rests under said toe guard; and g. a plurality of straps, each having a
closure, configured to selectively close said break.
2. A protective shoe cover as recited in claim 1, wherein said bottom side of said sole includes a plurality of ridges.
3. A protective shoe cover as recited in claim 1, wherein said transparent guard material includes an air vent proximate said aft end of said sole.
4. A protective shoe cover as recited in claim 1, wherein said transparent guard material includes a logo design.
5. A protective shoe cover as recited in claim 1, wherein said toe guard includes a logo design.
6. A protective shoe cover as recited in claim 1, wherein said heel guard includes a logo design.
7. A protective shoe cover as recited in claim 1, wherein: a. said transparent guard material includes a hole proximate said collar; and b. said hole is intended to hold an authentication tag.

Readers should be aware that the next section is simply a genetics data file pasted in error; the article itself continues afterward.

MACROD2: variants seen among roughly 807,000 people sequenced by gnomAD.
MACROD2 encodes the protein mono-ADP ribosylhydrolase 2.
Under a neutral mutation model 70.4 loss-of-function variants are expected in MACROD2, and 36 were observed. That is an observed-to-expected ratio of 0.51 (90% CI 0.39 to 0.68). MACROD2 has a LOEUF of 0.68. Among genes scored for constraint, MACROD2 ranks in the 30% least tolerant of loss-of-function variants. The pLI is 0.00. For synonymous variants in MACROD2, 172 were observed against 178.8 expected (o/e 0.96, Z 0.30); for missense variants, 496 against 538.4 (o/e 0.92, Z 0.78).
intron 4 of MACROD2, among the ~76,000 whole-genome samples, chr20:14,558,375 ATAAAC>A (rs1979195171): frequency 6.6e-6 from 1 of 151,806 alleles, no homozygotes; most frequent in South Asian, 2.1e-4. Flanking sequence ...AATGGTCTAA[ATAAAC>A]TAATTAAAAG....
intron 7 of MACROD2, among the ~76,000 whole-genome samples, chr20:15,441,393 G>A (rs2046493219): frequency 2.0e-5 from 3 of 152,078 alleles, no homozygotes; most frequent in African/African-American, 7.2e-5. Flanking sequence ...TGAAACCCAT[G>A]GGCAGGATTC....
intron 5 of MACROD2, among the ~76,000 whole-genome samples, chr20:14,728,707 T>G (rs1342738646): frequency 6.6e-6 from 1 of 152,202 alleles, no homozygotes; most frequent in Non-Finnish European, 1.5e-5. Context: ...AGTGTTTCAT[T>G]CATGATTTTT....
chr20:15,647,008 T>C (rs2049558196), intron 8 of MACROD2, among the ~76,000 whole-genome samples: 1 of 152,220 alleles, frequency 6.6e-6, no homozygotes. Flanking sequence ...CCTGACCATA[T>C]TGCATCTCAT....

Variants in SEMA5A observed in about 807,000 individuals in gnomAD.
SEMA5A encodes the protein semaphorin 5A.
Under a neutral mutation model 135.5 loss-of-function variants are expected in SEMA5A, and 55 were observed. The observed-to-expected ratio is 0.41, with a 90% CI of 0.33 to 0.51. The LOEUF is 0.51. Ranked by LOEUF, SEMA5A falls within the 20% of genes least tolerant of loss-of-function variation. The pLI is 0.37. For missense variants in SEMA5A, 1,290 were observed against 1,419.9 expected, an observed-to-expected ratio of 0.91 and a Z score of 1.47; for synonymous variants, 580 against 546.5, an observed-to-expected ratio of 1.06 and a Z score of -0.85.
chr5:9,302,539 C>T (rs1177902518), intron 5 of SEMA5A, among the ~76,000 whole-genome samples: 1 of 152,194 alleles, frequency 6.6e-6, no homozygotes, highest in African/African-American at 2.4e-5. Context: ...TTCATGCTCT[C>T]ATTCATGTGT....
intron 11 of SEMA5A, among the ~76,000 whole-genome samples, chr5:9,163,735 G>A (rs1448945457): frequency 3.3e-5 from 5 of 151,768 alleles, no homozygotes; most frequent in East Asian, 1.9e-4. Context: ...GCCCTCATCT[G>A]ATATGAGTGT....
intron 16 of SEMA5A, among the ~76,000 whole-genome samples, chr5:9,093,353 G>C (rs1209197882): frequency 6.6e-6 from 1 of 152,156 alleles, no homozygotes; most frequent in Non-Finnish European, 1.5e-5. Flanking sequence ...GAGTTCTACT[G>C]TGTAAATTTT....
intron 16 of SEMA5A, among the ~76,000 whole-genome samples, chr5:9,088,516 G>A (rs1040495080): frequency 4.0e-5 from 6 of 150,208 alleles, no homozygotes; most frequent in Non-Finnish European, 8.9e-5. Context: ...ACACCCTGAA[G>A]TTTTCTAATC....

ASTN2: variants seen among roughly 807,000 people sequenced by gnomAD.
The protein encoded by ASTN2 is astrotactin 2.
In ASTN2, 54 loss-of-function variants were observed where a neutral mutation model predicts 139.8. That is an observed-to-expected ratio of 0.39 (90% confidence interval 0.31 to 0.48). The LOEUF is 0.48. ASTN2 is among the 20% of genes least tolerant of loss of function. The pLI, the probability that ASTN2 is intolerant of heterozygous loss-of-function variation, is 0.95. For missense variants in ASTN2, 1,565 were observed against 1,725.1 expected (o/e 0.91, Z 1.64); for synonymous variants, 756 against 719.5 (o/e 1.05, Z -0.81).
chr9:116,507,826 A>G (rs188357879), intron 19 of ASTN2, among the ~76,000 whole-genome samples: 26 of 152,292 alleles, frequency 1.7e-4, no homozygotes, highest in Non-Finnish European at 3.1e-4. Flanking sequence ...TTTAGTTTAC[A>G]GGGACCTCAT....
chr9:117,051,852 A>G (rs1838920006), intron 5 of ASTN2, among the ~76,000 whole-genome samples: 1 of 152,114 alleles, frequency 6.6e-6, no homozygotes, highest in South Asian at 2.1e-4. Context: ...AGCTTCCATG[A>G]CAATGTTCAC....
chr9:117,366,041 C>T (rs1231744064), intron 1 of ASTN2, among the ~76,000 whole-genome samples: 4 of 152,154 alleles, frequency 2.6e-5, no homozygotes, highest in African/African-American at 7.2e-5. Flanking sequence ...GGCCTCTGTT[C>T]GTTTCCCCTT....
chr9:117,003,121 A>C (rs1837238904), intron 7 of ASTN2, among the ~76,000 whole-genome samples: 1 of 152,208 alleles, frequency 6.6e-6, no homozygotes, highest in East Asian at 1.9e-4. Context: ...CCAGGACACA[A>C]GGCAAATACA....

8. A protective shoe cover as recited in claim 1, wherein said sole is fabricated using a non-slip material.
9. A protective shoe cover as recited in claim 1, wherein said toe guard, said heel guard, and said sole are molded as a single part.
10. A protective shoe cover, for protecting an athletic shoe, having a toe cap and a heel, comprising; a. a sole, having a forward end, and an aft end; b. a transparent guard material attached along the periphery of said sole; c. said sole having a toe guard integral to said forward end and connected to said transparent guard material; d. said sole having a heel guard integral to said aft end and connected to said transparent guard material; e. said transparent guard material having a break, and a collar; f. wherein said break and said collar are designed such that said athletic shoe may be placed within said transparent guard material and on said top side of said sole such that said heel rests against said heel guard and said toe cap rests under said toe guard; and g. a plurality of straps, each having a closure, allowing said break on said transparent guard material to close.